Professor Hamilton noted, however, that a piece comprised solely of a single pure sine-tone, may not qualify as music since music characteristically involves impure tones as a consequence of intentional human production via voice or instrument. Likewise, a piece may involve no tones, as in percussive music (such as a piece for maracas or tam-tam), but nevertheless qualify as music. With this admission, Professor Hamilton distinguished two categories of soundart (sound-design) – first is ‘significant sound-design’, such as tones produced in mobile phone ring-tones, car horns, or door chimes, and the second category is ‘non-significant sound-design’, such as the sound produced by a fountain, car engine, or jackhammer.
After lunch, Dr. Adam Stansbie (Music, University of Sheffield) started the first discussion session with the question of whether there really is such a thing as a ‘tradition’ in music. There has been a constant evolution in the development of music-making and musical practice, but it is not clear whether this evolution necessitates a tradition. The discussion then focused particularly on whether the ‘work’ concept is usefully applied to human+computer music, wherein the composer creates a type (i.e. a set of instructions), and performances count as potentially variable tokens of this type. Although the algorithmic and chance processes employed in human+computer music seem to undermine the notion of the work, it was also argued that abandoning this concept threatened our capacity to make sense of what it is to understand the music or what the composer has actually achieved. During this session we had a live performance by James Surgenor (University of Sheffield) that incorporated spoken word, clarinet and computer elements. The idea behind the performance was to have an improvised duet of sorts with the computer, where the computer seemingly imitated the output of the clarinet but modified its tonal attributes, such as pitch and timbre, as well as rhythm. After the performance we discussed when we would say that the music started – when James stood in front of the microphone and initiated the computer program or when he started playing the clarinet? Similarly, how vital was it to the identity of the performance that it involve genuine interaction between James’ performance and the computer programme in the moment, rather than simply a pre-recorded set of sounds? In many ways, the performance was compared to an illusion, like a ventriloquist act, while James also insisted that performing is not lying.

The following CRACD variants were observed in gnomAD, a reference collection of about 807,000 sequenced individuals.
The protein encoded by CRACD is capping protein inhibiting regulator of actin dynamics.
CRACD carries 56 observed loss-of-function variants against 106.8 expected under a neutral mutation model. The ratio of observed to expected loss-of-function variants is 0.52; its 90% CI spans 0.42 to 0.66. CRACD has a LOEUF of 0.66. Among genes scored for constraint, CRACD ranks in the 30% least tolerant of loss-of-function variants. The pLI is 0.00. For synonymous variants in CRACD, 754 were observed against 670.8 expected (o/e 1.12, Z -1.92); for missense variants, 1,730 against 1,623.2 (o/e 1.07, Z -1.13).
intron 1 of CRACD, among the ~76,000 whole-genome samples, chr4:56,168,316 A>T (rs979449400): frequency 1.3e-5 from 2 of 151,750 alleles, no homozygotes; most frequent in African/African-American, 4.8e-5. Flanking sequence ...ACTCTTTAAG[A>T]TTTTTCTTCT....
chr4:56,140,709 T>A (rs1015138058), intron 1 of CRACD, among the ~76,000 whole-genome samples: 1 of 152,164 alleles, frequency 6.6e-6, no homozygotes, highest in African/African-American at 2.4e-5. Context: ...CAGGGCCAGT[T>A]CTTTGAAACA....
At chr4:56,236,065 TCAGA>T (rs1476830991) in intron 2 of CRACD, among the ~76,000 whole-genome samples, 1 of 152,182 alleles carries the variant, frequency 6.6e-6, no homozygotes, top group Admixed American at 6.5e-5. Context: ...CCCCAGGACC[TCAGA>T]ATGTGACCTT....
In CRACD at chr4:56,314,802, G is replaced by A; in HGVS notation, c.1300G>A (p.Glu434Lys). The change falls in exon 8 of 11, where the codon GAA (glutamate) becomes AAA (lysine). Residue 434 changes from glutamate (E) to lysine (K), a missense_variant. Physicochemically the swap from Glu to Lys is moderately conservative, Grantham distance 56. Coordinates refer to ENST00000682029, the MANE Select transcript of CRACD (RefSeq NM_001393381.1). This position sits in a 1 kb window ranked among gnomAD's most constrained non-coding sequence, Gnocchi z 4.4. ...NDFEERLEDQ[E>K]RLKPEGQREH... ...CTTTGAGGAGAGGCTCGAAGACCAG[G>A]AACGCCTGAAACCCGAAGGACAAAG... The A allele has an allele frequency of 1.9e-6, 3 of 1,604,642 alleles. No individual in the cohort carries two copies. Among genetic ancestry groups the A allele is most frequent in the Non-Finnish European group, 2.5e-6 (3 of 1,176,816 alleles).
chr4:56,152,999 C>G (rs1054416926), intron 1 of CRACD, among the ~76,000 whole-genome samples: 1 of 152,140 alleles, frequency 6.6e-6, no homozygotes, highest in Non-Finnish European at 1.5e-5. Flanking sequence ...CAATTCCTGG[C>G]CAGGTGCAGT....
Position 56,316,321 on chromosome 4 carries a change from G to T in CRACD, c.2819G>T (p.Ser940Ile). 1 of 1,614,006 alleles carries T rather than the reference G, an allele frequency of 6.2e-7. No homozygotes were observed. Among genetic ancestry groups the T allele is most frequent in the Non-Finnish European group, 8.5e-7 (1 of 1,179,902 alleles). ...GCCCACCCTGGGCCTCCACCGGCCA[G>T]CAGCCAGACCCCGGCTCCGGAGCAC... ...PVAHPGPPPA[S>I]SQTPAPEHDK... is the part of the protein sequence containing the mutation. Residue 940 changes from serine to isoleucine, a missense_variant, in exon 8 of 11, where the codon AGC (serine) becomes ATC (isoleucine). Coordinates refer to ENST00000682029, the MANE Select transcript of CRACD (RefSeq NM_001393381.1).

After a short break began our second discussion session with the theme of the value of music. Initiated by Dr. Tom Cochrane (Philosophy, University of Sheffield), we considered four main potential ways we may value music – for its aesthetic value, expressive value, cognitive value, and moral value. Using these values, we discussed how they interact to give us our overall value of music. For example, the aesthetic enjoyment of music seems strongly related to how much we understand the music- where we can enjoy music that is neither boringly predictable, nor overly complex. The ways in which human+computer music can challenge the understanding of the listener are thus of great relevance to this value. Similarly, when computer music composers defer agency to algorithmic and probabilistic processes, questions are raised about whether this threatens the value of musical expression. Typically, for a composer to express themselves (and in ideal cases to achieve some kind of self-realisation) requires that they consciously bring music into being that reflects in some way their individual state of mind. At the very least, the appreciation of the composer’s craft requires that we have a clear sense of the success or failure of intent.